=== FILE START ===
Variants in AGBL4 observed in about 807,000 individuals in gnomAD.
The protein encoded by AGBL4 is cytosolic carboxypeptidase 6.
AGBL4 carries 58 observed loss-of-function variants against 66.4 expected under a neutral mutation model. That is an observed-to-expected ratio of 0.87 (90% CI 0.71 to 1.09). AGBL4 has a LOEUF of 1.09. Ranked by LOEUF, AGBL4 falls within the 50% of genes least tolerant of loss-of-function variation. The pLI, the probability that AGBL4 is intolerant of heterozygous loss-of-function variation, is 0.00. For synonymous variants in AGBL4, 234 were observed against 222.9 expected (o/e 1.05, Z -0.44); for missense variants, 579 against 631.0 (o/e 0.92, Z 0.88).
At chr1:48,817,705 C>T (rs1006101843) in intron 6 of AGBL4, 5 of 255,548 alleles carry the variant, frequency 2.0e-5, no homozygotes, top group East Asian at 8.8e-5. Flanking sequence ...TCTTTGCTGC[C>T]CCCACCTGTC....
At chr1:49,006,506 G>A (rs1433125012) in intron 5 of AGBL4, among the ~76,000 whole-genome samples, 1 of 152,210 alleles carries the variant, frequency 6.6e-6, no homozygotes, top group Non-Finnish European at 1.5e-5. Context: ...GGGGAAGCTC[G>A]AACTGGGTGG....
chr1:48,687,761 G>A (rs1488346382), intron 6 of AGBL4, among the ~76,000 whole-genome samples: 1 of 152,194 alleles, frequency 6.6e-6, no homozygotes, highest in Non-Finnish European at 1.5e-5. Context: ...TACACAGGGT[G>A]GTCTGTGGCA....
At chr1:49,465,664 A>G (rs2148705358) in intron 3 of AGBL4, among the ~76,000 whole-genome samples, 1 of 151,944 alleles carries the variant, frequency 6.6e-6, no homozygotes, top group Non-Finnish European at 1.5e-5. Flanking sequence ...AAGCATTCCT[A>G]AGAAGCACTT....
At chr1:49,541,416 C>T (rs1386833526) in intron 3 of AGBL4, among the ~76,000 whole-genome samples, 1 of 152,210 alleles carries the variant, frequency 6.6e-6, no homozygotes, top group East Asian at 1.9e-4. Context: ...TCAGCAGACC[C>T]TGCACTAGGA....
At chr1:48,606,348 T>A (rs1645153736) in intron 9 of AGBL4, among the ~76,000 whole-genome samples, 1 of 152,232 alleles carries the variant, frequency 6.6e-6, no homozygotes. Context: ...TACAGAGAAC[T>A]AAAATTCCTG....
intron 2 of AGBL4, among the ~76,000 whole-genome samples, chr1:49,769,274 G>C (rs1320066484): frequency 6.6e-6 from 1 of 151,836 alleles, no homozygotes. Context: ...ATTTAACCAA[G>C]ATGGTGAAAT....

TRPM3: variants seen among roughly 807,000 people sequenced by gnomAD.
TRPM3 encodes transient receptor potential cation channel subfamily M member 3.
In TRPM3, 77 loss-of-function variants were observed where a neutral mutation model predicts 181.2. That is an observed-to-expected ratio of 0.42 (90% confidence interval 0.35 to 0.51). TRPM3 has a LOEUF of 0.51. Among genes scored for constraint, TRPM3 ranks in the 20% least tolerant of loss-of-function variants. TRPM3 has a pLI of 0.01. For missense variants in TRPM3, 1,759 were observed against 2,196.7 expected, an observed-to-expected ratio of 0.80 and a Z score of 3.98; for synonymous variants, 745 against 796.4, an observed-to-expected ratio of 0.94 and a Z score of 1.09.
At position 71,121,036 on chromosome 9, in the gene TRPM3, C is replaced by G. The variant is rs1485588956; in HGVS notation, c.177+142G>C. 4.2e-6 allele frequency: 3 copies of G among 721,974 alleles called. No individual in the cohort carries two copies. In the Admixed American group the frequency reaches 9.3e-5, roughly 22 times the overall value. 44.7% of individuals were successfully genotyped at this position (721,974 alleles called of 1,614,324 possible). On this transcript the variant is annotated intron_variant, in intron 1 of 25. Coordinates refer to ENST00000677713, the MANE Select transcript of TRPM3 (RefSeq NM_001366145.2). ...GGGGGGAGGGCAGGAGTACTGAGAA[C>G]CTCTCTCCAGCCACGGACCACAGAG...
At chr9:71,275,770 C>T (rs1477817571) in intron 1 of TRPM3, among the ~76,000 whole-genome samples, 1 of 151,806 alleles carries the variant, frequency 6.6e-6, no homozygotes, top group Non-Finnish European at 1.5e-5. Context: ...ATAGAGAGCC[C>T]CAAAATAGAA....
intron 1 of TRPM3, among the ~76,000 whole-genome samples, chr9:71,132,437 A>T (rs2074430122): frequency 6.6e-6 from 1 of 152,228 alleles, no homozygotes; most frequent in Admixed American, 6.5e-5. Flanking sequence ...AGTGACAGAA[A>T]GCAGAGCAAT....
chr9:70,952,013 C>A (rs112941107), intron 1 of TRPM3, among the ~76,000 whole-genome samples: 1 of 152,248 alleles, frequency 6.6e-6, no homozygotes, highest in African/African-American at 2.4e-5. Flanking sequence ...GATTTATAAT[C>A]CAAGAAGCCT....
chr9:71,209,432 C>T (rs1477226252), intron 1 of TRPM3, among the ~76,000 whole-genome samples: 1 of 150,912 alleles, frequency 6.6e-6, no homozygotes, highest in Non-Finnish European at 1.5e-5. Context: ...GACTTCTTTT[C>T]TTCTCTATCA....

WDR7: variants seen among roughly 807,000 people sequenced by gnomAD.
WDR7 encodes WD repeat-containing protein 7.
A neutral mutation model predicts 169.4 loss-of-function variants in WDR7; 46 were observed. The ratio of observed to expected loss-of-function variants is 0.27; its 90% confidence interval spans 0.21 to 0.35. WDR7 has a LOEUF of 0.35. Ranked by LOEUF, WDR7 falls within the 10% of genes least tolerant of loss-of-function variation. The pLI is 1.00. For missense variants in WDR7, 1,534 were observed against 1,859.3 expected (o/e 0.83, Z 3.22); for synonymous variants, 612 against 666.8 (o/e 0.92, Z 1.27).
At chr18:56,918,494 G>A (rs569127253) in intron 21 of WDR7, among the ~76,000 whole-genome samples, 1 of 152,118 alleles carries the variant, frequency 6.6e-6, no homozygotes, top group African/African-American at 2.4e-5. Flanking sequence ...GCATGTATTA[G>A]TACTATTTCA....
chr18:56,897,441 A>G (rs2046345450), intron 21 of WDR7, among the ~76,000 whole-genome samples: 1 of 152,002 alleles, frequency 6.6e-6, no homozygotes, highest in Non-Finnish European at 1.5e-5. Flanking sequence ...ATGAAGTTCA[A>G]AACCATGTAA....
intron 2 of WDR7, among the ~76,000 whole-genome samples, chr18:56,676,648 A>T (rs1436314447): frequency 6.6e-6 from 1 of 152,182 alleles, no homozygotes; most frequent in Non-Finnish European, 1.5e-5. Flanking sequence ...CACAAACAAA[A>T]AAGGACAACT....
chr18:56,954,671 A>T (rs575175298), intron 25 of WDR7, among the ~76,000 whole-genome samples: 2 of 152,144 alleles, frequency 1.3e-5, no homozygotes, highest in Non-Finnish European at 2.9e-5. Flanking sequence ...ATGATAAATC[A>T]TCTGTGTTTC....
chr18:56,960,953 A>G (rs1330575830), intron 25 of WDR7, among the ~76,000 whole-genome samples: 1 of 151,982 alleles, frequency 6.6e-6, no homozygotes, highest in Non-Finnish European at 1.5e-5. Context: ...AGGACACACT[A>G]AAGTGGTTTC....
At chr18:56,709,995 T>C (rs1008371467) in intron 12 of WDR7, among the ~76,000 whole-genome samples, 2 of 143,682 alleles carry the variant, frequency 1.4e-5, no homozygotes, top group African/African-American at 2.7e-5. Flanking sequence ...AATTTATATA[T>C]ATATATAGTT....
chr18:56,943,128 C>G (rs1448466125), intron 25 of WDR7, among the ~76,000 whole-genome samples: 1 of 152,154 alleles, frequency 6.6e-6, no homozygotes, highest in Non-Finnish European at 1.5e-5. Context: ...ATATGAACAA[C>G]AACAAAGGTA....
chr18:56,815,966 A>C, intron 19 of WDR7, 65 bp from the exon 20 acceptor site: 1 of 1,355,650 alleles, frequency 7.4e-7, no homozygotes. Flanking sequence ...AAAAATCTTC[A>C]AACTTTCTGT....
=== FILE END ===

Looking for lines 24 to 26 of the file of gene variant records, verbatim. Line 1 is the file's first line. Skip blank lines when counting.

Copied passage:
intron 2 of WDR7, among the ~76,000 whole-genome samples, chr18:56,676,648 A>T (rs1436314447): frequency 6.6e-6 from 1 of 152,182 alleles, no homozygotes; most frequent in Non-Finnish European, 1.5e-5. Flanking sequence ...CACAAACAAA[A>T]AAGGACAACT....
chr18:56,954,671 A>T (rs575175298), intron 25 of WDR7, among the ~76,000 whole-genome samples: 2 of 152,144 alleles, frequency 1.3e-5, no homozygotes, highest in Non-Finnish European at 2.9e-5. Flanking sequence ...ATGATAAATC[A>T]TCTGTGTTTC....
chr18:56,960,953 A>G (rs1330575830), intron 25 of WDR7, among the ~76,000 whole-genome samples: 1 of 151,982 alleles, frequency 6.6e-6, no homozygotes, highest in Non-Finnish European at 1.5e-5. Context: ...AGGACACACT[A>G]AAGTGGTTTC....